Sunday, April 6, 2008

Dr. Hoffman's Infernal Desire Machines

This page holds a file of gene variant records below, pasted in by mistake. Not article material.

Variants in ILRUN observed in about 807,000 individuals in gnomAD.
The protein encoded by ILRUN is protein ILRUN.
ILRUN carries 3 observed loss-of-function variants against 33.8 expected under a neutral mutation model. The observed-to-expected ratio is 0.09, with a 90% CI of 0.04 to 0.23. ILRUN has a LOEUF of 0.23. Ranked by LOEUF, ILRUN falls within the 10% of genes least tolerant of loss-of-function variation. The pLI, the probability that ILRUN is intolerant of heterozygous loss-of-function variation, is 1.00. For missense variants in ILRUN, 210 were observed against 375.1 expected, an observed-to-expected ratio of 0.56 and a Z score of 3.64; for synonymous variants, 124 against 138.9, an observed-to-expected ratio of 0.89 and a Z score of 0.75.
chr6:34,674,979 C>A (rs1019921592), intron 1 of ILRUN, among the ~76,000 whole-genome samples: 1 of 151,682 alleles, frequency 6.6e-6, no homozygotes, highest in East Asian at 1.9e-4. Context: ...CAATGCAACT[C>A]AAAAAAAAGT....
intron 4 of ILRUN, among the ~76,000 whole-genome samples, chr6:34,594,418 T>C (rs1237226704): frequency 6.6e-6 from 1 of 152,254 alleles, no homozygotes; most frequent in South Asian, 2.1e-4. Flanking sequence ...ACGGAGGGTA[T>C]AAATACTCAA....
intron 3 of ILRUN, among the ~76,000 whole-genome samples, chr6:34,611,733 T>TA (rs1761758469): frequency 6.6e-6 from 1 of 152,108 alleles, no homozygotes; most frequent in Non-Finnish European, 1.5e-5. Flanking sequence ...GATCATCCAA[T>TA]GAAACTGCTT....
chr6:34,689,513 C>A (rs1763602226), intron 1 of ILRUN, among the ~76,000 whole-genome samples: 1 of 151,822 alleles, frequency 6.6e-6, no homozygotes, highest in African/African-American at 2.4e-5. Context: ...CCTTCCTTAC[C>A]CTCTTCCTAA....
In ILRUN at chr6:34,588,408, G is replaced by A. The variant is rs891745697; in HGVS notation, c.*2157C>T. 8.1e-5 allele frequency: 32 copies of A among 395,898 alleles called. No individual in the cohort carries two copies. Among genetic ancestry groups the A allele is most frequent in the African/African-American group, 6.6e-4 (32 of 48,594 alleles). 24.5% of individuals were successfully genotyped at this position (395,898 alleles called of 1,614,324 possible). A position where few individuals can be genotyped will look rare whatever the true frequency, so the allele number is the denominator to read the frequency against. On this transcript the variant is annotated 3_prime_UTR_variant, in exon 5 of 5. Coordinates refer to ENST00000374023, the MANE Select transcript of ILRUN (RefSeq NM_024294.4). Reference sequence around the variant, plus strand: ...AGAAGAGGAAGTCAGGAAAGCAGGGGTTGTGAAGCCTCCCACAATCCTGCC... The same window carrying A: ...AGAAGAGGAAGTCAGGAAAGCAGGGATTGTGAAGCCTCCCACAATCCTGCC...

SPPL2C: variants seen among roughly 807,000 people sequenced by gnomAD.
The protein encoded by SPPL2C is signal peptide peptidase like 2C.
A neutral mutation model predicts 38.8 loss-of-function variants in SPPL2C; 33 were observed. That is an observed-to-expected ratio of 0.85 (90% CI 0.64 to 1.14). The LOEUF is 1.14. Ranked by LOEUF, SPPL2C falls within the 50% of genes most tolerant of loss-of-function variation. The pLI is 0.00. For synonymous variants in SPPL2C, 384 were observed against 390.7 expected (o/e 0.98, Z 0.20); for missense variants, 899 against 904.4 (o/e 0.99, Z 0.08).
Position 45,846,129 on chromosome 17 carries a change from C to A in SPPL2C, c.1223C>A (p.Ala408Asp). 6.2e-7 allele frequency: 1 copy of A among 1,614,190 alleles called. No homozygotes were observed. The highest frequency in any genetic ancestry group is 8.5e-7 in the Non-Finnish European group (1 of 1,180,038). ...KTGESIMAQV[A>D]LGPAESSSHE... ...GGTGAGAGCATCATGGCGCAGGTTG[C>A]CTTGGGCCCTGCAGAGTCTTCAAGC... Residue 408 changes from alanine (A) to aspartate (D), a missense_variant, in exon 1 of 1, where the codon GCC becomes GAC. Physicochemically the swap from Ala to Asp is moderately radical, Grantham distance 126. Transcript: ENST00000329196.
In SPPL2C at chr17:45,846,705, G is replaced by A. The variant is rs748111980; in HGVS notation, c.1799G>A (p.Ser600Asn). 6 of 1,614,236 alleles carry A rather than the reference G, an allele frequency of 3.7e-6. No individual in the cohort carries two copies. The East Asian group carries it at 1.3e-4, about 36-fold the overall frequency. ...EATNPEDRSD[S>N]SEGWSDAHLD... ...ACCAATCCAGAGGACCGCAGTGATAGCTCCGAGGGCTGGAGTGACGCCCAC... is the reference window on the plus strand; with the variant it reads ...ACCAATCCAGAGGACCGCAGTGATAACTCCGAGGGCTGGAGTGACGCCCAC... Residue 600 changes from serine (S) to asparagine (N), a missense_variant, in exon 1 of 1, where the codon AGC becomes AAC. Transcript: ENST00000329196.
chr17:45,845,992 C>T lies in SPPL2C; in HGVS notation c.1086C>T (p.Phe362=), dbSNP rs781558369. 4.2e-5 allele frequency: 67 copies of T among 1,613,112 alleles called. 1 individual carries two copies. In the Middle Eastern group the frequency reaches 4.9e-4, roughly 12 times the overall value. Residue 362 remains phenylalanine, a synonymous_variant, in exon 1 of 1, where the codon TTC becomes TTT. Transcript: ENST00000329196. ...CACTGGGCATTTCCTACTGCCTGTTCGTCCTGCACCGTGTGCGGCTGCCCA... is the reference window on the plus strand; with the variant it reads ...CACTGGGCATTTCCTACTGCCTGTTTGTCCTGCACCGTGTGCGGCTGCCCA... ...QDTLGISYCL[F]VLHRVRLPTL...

To start out with, I want to say that I completely agree with Rob's post. To say that Carter is misogynistic or racist seems absurd to me. This is because of the nature of the book and it's tone. This book, as we talked about last Monday, is a type of pastiche that imitates certain forms to mock or undermine them. In the case of the cannibals, Carter takes one of the worst stereotypes possible and goes over the top with it. This is not done to liken Africans to cannibals, rather it is done in the manner it is to show the absurdity of the belief that all Africans were cannibals. Another example of Carter using stereotypes to undermine them is in the case of the Acrobats of Desire that Robe wrote about. Clearly, Carter does not aim to imply that all gymnasts are gay or that all gay people have sexual tendancies that would lead them to rape, we would probably not be reading this book if Dr. Brewer suspected this to be the case. Lets be honest, we would probably not read this book if that were the case, even if it were assigned. While there are examples of stereotypes found in older literature, the reasons for these stereotypes being used are to undermine them rather than to reinforce them. Carter chooses a very interesting setting and plot to convey this to the reader, but sometimes isn't it better to not be force fed an ideal, but rather to figure it out on our own?

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